As for color, Glacier Pothos has more white than green. In addition, the white spots are more elongated and create the effect of white streaks. More white is a decorative advantage, but the chlorophyll-free tissue is more susceptible to fungal diseases.
NJoy Pothos has about the same amount of green and white. The colors are chaotically intertwined with each other to create an irregular effect. The NJoy Pothos leaf features a glossy top and a matte underside. While the competitor’s leaf is glossy on both sides.
The size and shape are the next difference. NJoy Pothos grows up to 10 feet tall but is usually less than 1 foot wide. This means that it is a more upwardly elongated plant.
Of course, the final size depends directly on the size of the container. You should install a moss pole to successfully grow this variety.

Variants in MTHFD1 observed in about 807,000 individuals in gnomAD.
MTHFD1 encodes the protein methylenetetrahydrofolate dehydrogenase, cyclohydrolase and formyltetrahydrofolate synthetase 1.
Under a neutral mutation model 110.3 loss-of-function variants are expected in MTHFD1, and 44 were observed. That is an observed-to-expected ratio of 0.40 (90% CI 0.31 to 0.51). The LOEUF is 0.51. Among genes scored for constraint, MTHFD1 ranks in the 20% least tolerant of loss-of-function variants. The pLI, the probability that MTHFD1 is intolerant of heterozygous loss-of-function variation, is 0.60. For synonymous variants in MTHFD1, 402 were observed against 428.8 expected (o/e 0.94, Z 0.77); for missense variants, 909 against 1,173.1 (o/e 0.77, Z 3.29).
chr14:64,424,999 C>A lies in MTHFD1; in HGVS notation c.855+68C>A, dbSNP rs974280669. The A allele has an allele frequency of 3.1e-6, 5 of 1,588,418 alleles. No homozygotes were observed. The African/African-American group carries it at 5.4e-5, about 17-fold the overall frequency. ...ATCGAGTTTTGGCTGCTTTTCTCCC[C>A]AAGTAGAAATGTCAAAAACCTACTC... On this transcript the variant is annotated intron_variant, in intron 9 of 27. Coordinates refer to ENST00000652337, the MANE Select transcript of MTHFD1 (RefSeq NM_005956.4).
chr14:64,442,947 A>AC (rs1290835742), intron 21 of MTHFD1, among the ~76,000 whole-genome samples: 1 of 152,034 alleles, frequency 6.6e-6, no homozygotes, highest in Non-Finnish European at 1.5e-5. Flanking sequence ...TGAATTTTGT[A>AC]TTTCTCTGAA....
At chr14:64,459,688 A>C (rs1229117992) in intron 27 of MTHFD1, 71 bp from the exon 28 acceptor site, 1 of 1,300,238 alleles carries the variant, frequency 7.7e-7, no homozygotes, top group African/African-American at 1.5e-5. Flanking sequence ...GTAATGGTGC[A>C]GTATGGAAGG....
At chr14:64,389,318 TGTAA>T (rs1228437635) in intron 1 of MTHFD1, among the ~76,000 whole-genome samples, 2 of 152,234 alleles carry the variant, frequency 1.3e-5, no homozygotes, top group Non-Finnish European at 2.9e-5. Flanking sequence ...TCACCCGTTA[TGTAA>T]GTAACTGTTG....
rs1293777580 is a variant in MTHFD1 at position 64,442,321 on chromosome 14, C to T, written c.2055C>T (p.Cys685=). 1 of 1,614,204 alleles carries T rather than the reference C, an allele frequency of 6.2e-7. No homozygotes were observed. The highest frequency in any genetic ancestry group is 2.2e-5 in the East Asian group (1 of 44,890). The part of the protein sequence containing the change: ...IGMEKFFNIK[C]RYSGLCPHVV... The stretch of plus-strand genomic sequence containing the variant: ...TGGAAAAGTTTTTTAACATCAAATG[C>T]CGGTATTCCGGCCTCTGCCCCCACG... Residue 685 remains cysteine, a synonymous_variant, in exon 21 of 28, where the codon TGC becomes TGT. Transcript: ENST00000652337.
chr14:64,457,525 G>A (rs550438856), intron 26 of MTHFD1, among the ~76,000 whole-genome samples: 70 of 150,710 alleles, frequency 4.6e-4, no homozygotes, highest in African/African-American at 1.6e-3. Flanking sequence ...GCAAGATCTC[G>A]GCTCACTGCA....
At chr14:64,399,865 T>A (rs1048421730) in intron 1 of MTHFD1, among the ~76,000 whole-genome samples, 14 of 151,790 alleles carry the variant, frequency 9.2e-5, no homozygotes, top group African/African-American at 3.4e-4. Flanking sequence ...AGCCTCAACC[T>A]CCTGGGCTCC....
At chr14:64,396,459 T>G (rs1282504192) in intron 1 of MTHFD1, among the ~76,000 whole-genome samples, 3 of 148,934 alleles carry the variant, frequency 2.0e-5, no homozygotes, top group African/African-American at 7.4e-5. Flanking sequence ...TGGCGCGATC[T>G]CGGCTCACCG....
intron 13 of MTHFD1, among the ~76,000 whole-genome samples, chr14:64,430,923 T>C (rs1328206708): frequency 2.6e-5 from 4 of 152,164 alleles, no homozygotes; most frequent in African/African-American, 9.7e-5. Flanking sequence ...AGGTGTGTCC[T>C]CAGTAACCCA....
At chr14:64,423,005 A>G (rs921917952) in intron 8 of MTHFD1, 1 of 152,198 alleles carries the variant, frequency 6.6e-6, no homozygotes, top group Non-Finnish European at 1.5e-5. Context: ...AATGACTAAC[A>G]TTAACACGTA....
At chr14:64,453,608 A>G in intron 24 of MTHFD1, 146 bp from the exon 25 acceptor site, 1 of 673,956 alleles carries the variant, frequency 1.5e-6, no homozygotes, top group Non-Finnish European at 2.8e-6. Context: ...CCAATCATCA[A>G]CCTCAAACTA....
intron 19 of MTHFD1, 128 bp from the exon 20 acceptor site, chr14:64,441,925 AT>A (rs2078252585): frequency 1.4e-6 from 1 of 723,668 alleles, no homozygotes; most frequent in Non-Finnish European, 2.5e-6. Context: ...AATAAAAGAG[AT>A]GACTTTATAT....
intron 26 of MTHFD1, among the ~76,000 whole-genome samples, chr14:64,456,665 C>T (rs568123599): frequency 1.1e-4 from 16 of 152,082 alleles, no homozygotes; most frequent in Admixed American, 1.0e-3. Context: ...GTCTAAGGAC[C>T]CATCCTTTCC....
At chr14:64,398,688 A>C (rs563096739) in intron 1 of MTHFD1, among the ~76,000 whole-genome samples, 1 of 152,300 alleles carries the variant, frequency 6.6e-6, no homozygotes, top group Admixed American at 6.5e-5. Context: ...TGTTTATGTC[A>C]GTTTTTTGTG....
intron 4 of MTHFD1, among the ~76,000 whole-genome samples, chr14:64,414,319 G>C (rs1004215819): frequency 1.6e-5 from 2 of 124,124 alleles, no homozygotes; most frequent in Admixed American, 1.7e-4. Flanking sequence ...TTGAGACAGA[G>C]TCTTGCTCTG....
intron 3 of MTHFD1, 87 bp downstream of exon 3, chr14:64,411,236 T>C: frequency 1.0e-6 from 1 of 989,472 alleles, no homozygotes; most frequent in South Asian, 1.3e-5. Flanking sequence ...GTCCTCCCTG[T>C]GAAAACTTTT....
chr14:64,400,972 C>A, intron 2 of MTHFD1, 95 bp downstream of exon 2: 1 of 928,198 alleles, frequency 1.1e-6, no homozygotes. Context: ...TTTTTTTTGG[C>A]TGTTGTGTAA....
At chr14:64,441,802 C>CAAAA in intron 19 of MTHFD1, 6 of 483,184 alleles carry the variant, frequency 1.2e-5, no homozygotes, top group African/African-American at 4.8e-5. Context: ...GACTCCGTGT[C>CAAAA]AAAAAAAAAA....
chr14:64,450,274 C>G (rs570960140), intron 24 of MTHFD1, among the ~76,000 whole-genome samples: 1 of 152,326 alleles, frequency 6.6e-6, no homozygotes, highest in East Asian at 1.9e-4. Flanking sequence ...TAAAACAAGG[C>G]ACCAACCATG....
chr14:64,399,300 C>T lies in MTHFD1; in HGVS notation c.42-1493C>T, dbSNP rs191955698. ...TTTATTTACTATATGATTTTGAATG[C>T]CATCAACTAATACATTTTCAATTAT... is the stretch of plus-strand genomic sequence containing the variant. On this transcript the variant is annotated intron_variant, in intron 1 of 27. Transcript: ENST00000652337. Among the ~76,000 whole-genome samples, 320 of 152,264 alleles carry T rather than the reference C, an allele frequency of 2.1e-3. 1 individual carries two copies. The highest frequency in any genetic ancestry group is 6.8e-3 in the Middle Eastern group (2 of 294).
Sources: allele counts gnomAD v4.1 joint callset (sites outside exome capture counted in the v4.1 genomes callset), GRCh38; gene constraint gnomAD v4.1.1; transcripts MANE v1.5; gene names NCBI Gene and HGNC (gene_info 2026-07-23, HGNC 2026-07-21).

Glacier Pothos, on the other hand, is slightly lower at maturity. It is 7-8 feet tall but much wider than its competitor, 3 feet or more. This means it produces more side shoots and is more bushy than climbing.
You can easily control the size and shape of both plants by pruning. Use only sharp and sterile tools for pruning. Do not cut more than a third of the plant at a time.
You can stick the cuttings into the potting soil and they will take root. You can get new plants this way.
The only time Njoy Pothos can bloom is at maturity. But for that to happen, it has to grow in native conditions with everything it needs. This means that in indoor cultivation, it is almost impossible to see flowers on this plant.